The latest from Scotland, Wales and Northern Ireland.
Amid signs that the Democratic Unionist Party and Sinn Fein are continuing negotiations on the devolution of policing and justice powers, despite Peter Robinson’s temporary resignation as First Minister, described by Sinn Fein President Gerry Adams as being at a “sensitive and serious stage”, Left Foot Forward rounds up key developments across the devolved institutions.
In a sign of almost business as usual, DUP Finance Minister Sammy Wilson has published for consultation the Government’s spending plans for 2010/11 setting out savings of £367 million, including cuts in the Department of Health of £113.5 million.
In publishing the proposals, Mr Wilson said:
“The easy option here would have been to do nothing on this issue which would have reduced the level of intervention required at this time. However, this short-sighted approach would have shifted the burden to the 2010-11 financial year when the Executive would then have struggled to address emerging pressures.
“In the circumstances I was faced with, I am confident that the proposals I am publishing today represent the best way forward in the next financial year.”
However, the proposals attracted anger from fellow Ministers themselves, particularly on the severity of cuts to health. Reacting to the announcement, UUP Health Minister Michael McGimpsey attacked the proposals:
“This has not been fairly dealt with. I have written to Executive colleagues saying I have completely opposed this approach. We (the Executive) have found ourselves embarrassed to the tune of £400m.
“They are taking over £100m out of health, and I have told them it is outrageous that they would be doing so. As far as the people of Northern Ireland are concerned, health is the most important. It is about life saving and pain and distress.”
“I am absolutely disgusted.”
As far back as September it was disclosed that the finance Minister was looking to make savings of £370 million. Furthermore, in November, Wilson sparked controversy when he made clear that hospitals across Northern Ireland could and should be performing more efficiently, causing another spat with the Health Minister.
With the survival of the Stormont institutions now in a balance, a spat between two senior ministers is probably the last thing Northern Ireland needs.
Appearing before the House of Commons Scottish Affairs Committee, First Minister Alex Salmond has criticised the UK Government of seeking to include the Lockerbie bomber Abdelbaset Ali Mohmed Al Megrahi as part of a prisoner transfer agreement with Libya.
Mr Salmond was giving evidence as part of the committee’s ongoing inquiry into co-operation and communication between Holyrood and Whitehall, following the controversial decision by Scottish Justice Secretary Kenny MacAskill to release Al Megrahi on compassionate grounds, as a result of being terminally ill with Cancer.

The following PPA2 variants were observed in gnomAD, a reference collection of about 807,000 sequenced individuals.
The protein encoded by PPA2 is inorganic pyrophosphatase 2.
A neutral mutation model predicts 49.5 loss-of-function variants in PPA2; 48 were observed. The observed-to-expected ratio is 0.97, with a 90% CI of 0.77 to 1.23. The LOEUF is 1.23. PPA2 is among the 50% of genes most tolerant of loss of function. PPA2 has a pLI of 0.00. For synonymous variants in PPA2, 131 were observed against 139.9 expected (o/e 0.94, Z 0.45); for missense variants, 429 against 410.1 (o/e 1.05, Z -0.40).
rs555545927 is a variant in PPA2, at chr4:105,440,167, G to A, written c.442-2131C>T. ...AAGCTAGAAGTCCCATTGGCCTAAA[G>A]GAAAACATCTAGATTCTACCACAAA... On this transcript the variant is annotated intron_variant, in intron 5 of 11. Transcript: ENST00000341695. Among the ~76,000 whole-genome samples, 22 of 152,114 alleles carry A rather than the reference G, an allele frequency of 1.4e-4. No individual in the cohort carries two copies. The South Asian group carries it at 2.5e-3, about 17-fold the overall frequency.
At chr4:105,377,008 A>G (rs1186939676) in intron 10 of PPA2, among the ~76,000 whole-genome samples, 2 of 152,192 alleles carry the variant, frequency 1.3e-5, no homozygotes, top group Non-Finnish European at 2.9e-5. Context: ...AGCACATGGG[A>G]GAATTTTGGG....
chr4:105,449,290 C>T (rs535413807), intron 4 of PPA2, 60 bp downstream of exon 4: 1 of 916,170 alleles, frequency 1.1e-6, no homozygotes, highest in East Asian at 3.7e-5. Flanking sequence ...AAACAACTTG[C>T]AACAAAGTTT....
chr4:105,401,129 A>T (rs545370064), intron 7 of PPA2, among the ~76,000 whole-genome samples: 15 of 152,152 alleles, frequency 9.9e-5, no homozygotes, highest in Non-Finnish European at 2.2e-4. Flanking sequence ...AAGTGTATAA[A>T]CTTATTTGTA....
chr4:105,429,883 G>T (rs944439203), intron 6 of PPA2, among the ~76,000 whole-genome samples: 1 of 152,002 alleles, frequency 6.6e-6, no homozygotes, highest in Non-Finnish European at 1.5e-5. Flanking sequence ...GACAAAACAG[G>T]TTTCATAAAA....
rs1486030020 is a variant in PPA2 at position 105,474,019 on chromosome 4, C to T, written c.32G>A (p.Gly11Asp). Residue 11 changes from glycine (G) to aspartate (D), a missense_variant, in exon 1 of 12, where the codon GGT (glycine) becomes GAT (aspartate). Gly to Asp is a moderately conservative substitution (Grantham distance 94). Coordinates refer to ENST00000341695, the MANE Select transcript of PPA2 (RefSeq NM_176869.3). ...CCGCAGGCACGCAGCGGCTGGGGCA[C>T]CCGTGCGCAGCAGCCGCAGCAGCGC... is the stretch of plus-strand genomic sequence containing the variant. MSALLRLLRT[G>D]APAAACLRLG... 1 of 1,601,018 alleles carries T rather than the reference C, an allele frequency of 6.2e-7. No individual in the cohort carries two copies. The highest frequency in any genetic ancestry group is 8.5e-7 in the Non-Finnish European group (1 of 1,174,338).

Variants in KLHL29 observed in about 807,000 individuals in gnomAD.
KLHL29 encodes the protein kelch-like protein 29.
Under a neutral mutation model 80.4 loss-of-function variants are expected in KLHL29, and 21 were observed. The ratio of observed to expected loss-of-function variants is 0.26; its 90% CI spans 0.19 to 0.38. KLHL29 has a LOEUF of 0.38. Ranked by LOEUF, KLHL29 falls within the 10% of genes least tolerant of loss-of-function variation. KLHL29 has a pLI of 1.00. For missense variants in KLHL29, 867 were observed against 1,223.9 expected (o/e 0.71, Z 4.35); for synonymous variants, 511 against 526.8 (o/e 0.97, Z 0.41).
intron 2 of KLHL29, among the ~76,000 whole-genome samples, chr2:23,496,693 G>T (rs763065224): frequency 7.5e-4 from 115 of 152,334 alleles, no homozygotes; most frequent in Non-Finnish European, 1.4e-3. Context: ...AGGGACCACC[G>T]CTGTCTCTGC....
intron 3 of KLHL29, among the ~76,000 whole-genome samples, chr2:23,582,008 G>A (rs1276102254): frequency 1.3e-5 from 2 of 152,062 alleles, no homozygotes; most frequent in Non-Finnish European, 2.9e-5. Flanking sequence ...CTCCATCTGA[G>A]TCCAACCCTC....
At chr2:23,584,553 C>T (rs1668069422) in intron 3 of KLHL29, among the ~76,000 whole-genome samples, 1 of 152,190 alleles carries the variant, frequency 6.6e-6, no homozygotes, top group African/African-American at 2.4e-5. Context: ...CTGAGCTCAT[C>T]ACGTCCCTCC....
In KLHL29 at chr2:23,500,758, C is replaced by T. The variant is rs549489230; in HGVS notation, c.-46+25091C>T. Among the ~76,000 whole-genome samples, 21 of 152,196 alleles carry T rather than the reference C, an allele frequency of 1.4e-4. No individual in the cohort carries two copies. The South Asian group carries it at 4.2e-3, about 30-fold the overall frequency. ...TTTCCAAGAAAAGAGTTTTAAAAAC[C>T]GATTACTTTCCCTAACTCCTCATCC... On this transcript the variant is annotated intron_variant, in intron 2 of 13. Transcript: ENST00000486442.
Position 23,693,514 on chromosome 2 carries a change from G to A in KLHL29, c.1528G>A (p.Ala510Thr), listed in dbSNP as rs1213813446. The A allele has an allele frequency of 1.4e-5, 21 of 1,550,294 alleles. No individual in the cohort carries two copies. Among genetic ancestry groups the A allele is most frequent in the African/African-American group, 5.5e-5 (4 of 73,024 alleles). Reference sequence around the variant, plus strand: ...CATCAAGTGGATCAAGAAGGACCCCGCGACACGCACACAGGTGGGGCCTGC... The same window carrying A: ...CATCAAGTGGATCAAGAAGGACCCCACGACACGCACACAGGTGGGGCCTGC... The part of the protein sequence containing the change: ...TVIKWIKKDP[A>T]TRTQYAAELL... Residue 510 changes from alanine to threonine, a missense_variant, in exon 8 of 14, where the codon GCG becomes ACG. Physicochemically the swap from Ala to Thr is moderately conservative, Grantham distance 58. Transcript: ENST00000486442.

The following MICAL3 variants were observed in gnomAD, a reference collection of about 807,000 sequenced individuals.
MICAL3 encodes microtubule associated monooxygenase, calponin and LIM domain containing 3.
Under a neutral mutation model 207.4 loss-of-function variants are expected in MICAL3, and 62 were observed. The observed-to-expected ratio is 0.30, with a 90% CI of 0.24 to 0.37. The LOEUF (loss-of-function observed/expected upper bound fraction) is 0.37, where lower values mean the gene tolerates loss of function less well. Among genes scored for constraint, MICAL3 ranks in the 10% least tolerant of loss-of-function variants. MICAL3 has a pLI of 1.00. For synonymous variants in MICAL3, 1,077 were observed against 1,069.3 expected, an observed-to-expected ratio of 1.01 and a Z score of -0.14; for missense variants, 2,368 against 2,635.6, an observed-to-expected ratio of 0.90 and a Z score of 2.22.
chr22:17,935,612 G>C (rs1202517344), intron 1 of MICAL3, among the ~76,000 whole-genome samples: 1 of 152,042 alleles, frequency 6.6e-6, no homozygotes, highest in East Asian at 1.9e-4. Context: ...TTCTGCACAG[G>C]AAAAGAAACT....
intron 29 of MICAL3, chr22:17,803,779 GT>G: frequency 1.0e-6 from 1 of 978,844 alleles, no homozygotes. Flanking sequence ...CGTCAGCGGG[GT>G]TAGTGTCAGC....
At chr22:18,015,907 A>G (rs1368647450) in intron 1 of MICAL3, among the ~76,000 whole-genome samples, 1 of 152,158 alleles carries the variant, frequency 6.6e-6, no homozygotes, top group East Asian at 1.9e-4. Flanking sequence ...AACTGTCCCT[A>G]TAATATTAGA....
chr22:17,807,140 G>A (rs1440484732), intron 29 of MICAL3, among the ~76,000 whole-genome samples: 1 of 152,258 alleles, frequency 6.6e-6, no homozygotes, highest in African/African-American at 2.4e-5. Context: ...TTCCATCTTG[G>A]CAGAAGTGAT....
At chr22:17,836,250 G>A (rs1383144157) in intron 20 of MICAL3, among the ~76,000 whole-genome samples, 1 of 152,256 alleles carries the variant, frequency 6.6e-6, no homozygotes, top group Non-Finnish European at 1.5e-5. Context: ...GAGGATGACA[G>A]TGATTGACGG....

In November 2008, the then Foreign Office Minister, Bill Rammell, signed a prisoner transfer agreement with his Libyan counterpart Abdulatti al-Obidi. The transfer agreement was negotiated during talks between then Prime Minister Tony Blair and Libyan leader Colonel Gaddafi in Tripoli.
Commenting on the agreement, however, Alex Salmond said:
“It was a mistake because it raised an expectation by the Libyan government that Mr Megrahi would be included in such a prisoner transfer. It was a mistake because it cut across the due process of Scots law, because one of the provisions of prisoner transfer is that legal proceedings would have to come to an end. It was a mistake because it was cut across what we believe to be prior agreements with the United States government and the relatives.”
Mr Salmond also alleged that Justice Secretary Jack Straw, and Lord Falconer – one of Mr Blair’s closest political allies – were not informed of what he describes as Mr Blair’s “deal in the desert” to include the Lockerbie bomber within a prisoner transfer agreement.
Mr MacAskill, meanwhile, maintained that he had made the right decision to release Al Megrahi on compassionate grounds. However, questioned by Shadow Scottish Secretary, David Mundell, about the hero’s welcome the Lockerbie bomber received on landing in Tripoli, MacAskill said:
“Clearly in terms of the scenes of welcome to Mr Al Megrahi that is a matter that we publicly stated was a matter of regret. We had been given assurances by the government of Libya that there would be no joyous celebration and clearly that was not adhered to.“
Speaking during his first Question Time, the new First Minister of Wales, Carwyn Jones, confirmed that Assembly members will get the chance to debate and vote on proposals contained within Sir Emyr Jones Parry’s All Wales Convention report, with a view to holding a referendum in the Autumn, as promised in the One Wales agreement between the Plaid Cymru/Labour coalition government.
In order for the Assembly to send the issue to the Secretary of State to approve a referendum, a two thirds majority of Assembly members would be needed to support such a step. Such support is almost guaranteed, with pledges of support for an Autumn referendum from both the Liberal Democrats and Conservatives. However, given how close we now are to a General Election, it is likely that responsibility for approving such a vote would be left up to whoever is Welsh Secretary after the election.
Speaking before his statement, Carwyn Jones said:
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“We are looking at a number of options at the moment on how the process might be moved forward.
“I think it’s right to say that all parties want to concentrate on the general election when it comes in the spring, whenever the date is, but, of course, in the meantime, we will have to show, after having a vote in the Assembly, that we’ve moved things forward in terms of devolution.”
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